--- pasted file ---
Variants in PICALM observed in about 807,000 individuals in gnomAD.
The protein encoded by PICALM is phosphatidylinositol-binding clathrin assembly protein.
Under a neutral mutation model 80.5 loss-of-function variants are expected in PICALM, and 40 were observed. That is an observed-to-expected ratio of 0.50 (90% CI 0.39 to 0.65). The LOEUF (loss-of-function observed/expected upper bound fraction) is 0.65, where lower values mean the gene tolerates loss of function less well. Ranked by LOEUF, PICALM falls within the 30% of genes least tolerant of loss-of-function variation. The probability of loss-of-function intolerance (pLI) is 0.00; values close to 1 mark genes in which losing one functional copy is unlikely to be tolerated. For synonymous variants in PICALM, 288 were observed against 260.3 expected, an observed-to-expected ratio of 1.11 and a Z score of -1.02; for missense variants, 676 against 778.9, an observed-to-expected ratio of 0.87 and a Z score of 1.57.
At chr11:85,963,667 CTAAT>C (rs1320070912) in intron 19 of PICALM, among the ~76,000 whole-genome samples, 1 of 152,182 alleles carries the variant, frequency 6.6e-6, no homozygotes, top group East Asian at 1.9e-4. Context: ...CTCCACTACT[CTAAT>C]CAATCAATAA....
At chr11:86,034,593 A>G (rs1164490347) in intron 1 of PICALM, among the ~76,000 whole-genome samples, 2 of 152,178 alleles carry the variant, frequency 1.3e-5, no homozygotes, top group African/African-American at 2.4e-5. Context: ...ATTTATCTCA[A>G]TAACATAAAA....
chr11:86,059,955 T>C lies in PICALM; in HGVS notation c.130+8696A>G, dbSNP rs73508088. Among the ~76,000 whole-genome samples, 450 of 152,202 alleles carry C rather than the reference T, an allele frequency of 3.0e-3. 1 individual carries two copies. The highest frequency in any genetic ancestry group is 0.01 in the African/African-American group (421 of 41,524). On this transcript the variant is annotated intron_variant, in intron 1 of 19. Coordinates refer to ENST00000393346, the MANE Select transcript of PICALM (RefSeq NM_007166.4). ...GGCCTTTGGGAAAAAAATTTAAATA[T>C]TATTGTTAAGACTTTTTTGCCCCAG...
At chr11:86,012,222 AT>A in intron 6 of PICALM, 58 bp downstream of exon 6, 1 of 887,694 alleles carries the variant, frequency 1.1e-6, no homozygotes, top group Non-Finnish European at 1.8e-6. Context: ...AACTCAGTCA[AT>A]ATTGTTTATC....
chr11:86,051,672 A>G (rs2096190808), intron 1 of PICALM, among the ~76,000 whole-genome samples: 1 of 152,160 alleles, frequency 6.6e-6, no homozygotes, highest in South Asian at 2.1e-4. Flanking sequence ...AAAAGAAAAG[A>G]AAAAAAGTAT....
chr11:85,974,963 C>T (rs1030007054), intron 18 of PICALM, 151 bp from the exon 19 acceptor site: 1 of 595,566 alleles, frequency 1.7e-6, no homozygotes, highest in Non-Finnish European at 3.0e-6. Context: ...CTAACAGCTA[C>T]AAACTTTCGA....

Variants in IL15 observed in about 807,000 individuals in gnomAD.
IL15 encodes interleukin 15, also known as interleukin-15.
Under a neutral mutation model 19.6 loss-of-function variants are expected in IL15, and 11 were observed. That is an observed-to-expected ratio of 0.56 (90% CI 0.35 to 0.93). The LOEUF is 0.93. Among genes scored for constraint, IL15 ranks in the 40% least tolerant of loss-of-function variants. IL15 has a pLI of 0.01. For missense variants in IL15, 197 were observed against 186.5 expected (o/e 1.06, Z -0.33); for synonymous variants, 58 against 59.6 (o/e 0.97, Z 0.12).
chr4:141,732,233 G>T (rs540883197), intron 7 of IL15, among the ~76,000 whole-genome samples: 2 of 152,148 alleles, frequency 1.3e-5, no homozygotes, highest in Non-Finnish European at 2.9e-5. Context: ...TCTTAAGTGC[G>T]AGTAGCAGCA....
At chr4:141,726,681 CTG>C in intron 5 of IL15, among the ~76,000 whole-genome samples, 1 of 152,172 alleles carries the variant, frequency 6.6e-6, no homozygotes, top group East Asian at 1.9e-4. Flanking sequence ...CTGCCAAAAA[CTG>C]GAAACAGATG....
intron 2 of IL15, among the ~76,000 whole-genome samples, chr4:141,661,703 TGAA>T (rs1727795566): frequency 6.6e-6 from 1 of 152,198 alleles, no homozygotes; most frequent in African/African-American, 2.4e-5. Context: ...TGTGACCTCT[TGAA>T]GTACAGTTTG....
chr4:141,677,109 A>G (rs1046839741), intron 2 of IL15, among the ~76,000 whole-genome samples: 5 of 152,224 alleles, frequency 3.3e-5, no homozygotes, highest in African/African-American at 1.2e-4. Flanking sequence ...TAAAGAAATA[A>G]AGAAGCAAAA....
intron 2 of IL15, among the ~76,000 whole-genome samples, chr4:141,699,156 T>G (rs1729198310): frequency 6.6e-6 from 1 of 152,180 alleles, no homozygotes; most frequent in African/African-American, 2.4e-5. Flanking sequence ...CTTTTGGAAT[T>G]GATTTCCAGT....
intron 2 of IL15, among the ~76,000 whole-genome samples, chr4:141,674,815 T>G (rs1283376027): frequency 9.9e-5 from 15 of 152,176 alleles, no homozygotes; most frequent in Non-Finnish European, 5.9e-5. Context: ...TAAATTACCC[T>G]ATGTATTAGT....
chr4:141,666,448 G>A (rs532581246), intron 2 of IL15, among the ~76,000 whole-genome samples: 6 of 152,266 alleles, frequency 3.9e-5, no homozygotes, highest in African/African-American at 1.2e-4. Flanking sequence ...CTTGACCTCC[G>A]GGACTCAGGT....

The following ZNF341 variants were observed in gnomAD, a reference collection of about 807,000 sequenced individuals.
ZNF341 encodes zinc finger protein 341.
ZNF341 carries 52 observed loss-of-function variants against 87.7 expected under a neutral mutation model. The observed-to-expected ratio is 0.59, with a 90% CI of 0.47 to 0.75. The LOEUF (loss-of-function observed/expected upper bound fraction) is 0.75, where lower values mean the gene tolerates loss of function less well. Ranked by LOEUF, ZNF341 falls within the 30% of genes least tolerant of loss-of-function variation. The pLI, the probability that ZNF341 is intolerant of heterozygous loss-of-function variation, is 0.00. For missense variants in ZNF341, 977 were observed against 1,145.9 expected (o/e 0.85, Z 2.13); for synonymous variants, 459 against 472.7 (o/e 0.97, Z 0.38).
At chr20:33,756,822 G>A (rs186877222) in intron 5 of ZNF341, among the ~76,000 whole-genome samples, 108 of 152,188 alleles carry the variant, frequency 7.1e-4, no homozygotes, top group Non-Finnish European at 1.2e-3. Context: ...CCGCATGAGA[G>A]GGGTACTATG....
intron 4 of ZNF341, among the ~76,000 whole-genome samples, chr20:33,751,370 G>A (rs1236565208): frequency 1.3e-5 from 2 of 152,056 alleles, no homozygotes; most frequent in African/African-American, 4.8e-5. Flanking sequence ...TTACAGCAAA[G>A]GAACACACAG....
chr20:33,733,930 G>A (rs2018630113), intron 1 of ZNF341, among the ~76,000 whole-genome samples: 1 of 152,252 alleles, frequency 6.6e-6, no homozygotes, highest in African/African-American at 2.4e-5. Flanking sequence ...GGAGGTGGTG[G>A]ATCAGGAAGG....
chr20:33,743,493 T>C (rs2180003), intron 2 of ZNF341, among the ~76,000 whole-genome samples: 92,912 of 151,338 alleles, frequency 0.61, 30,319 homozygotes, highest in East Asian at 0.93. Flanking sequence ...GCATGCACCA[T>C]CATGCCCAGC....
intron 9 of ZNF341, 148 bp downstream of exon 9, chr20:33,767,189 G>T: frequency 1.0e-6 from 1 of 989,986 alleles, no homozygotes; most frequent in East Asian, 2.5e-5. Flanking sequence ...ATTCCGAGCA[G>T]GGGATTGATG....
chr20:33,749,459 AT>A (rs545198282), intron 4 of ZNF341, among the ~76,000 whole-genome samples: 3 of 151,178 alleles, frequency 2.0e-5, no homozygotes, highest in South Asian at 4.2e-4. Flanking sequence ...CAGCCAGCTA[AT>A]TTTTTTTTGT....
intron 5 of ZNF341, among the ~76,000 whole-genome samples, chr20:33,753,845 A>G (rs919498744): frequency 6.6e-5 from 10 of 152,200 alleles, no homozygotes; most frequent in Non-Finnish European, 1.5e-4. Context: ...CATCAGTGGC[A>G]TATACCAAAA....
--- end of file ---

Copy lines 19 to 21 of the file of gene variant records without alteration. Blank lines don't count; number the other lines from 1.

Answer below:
chr4:141,666,448 G>A (rs532581246), intron 2 of IL15, among the ~76,000 whole-genome samples: 6 of 152,266 alleles, frequency 3.9e-5, no homozygotes, highest in African/African-American at 1.2e-4. Flanking sequence ...CTTGACCTCC[G>A]GGACTCAGGT....

The following ZNF341 variants were observed in gnomAD, a reference collection of about 807,000 sequenced individuals.
ZNF341 encodes zinc finger protein 341.